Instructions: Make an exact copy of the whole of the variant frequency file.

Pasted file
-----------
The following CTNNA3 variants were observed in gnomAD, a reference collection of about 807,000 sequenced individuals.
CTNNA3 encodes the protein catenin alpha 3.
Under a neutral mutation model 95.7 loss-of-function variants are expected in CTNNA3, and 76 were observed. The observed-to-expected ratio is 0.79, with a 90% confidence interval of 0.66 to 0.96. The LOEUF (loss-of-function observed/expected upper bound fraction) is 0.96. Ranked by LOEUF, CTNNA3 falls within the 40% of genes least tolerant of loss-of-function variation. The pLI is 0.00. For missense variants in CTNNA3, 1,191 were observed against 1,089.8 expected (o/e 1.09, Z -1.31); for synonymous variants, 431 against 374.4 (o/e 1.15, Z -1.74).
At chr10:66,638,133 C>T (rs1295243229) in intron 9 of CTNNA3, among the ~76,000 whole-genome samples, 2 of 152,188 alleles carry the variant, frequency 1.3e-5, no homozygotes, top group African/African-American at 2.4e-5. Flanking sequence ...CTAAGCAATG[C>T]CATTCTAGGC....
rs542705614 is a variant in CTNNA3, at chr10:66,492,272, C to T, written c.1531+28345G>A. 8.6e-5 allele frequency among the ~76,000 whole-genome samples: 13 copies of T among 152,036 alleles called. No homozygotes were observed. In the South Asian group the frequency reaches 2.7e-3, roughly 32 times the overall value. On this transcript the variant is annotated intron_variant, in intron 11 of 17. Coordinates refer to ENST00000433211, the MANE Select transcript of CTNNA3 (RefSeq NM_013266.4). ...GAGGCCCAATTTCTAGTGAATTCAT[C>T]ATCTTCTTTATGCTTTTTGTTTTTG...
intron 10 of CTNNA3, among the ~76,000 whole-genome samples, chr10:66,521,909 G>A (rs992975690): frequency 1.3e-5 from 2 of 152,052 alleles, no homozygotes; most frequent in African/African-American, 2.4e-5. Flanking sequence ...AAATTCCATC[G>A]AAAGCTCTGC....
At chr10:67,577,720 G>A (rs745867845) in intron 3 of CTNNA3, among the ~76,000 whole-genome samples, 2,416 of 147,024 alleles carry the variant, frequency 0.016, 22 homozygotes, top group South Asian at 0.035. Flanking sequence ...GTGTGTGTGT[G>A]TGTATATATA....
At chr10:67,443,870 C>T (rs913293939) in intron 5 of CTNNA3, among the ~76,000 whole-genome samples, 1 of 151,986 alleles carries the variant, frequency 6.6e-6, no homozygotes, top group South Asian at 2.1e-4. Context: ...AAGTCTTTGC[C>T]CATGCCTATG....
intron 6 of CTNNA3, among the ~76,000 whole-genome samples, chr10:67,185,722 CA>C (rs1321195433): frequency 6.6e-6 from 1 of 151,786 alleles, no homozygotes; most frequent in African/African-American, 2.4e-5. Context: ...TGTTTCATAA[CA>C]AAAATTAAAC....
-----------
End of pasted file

The following CTNNA3 variants were observed in gnomAD, a reference collection of about 807,000 sequenced individuals.
CTNNA3 encodes the protein catenin alpha 3.
Under a neutral mutation model 95.7 loss-of-function variants are expected in CTNNA3, and 76 were observed. The observed-to-expected ratio is 0.79, with a 90% confidence interval of 0.66 to 0.96. The LOEUF (loss-of-function observed/expected upper bound fraction) is 0.96. Ranked by LOEUF, CTNNA3 falls within the 40% of genes least tolerant of loss-of-function variation. The pLI is 0.00. For missense variants in CTNNA3, 1,191 were observed against 1,089.8 expected (o/e 1.09, Z -1.31); for synonymous variants, 431 against 374.4 (o/e 1.15, Z -1.74).
At chr10:66,638,133 C>T (rs1295243229) in intron 9 of CTNNA3, among the ~76,000 whole-genome samples, 2 of 152,188 alleles carry the variant, frequency 1.3e-5, no homozygotes, top group African/African-American at 2.4e-5. Flanking sequence ...CTAAGCAATG[C>T]CATTCTAGGC....
rs542705614 is a variant in CTNNA3, at chr10:66,492,272, C to T, written c.1531+28345G>A. 8.6e-5 allele frequency among the ~76,000 whole-genome samples: 13 copies of T among 152,036 alleles called. No homozygotes were observed. In the South Asian group the frequency reaches 2.7e-3, roughly 32 times the overall value. On this transcript the variant is annotated intron_variant, in intron 11 of 17. Coordinates refer to ENST00000433211, the MANE Select transcript of CTNNA3 (RefSeq NM_013266.4). ...GAGGCCCAATTTCTAGTGAATTCAT[C>T]ATCTTCTTTATGCTTTTTGTTTTTG...
intron 10 of CTNNA3, among the ~76,000 whole-genome samples, chr10:66,521,909 G>A (rs992975690): frequency 1.3e-5 from 2 of 152,052 alleles, no homozygotes; most frequent in African/African-American, 2.4e-5. Flanking sequence ...AAATTCCATC[G>A]AAAGCTCTGC....
At chr10:67,577,720 G>A (rs745867845) in intron 3 of CTNNA3, among the ~76,000 whole-genome samples, 2,416 of 147,024 alleles carry the variant, frequency 0.016, 22 homozygotes, top group South Asian at 0.035. Flanking sequence ...GTGTGTGTGT[G>A]TGTATATATA....
At chr10:67,443,870 C>T (rs913293939) in intron 5 of CTNNA3, among the ~76,000 whole-genome samples, 1 of 151,986 alleles carries the variant, frequency 6.6e-6, no homozygotes, top group South Asian at 2.1e-4. Context: ...AAGTCTTTGC[C>T]CATGCCTATG....
intron 6 of CTNNA3, among the ~76,000 whole-genome samples, chr10:67,185,722 CA>C (rs1321195433): frequency 6.6e-6 from 1 of 151,786 alleles, no homozygotes; most frequent in African/African-American, 2.4e-5. Context: ...TGTTTCATAA[CA>C]AAAATTAAAC....